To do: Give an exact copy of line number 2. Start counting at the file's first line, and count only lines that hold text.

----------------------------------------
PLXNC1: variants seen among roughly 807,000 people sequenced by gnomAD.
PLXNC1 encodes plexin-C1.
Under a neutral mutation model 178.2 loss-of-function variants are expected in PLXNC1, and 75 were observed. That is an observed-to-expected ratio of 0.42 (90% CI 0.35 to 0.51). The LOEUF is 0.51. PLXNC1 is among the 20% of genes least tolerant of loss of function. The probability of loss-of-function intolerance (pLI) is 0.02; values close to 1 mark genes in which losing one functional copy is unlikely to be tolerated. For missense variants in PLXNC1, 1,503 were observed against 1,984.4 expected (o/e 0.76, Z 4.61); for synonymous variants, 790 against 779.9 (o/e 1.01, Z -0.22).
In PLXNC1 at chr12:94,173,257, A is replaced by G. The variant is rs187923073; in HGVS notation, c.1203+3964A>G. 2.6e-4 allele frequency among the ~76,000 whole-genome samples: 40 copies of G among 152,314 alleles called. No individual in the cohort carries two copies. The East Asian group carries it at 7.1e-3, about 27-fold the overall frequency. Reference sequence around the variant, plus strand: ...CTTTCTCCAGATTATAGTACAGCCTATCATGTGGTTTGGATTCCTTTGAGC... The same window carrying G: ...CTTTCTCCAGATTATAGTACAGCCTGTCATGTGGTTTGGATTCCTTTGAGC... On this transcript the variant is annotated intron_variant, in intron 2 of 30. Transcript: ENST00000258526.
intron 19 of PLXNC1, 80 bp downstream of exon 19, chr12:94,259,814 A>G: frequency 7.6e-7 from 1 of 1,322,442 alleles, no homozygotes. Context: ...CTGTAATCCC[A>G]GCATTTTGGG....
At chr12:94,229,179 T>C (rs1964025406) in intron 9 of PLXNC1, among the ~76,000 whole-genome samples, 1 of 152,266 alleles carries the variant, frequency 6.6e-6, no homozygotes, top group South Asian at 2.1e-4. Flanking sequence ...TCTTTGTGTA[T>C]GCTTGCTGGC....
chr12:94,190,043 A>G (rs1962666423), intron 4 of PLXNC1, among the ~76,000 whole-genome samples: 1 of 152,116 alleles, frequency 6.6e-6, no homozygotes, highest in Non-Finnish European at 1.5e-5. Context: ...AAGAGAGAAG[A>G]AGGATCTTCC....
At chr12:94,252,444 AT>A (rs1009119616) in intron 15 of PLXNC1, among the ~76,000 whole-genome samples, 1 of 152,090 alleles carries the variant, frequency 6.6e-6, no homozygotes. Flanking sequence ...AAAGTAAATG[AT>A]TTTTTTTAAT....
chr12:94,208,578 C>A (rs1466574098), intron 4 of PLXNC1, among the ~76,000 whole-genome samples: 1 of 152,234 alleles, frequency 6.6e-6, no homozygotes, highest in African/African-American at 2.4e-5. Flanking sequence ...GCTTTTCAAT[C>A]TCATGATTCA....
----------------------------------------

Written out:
PLXNC1 encodes plexin-C1.